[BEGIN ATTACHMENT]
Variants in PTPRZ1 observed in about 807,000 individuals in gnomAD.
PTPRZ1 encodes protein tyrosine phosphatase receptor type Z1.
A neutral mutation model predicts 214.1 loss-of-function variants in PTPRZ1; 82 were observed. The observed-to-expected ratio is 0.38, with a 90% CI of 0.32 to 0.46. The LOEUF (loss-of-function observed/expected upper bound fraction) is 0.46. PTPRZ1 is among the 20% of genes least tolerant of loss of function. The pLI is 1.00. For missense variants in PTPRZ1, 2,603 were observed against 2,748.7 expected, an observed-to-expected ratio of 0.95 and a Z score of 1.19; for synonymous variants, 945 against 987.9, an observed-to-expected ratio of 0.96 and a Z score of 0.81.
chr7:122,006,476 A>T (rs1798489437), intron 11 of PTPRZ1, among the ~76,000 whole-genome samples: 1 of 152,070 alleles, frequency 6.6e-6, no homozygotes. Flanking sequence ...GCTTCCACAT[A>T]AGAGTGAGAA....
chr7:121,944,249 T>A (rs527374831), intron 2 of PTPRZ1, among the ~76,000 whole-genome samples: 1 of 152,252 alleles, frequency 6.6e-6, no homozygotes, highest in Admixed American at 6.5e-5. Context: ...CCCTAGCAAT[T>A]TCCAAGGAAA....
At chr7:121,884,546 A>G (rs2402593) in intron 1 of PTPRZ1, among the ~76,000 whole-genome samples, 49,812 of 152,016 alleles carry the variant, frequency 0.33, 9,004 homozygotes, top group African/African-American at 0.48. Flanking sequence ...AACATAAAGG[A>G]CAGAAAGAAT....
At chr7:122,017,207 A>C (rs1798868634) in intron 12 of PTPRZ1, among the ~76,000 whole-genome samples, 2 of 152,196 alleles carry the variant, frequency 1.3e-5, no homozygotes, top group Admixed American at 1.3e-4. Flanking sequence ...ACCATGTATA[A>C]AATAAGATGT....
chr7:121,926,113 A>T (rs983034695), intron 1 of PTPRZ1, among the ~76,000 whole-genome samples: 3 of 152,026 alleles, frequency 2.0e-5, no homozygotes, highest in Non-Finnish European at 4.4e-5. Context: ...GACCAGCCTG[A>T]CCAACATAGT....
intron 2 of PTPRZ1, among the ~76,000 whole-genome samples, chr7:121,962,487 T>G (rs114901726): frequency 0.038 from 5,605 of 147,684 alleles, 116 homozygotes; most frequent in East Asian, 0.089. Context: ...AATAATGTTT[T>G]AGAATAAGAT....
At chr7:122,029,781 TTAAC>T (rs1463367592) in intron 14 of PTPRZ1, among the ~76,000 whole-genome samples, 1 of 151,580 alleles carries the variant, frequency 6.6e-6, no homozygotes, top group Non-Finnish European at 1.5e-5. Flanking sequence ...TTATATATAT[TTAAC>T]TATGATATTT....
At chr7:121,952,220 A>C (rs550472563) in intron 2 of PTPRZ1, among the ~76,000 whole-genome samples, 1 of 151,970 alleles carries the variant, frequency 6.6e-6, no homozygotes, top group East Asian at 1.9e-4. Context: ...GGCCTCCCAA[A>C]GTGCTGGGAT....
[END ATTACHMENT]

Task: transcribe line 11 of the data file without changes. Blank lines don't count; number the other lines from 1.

At chr7:121,952,220 A>C (rs550472563) in intron 2 of PTPRZ1, among the ~76,000 whole-genome samples, 1 of 151,970 alleles carries the variant, frequency 6.6e-6, no homozygotes, top group East Asian at 1.9e-4. Context: ...GGCCTCCCAA[A>C]GTGCTGGGAT....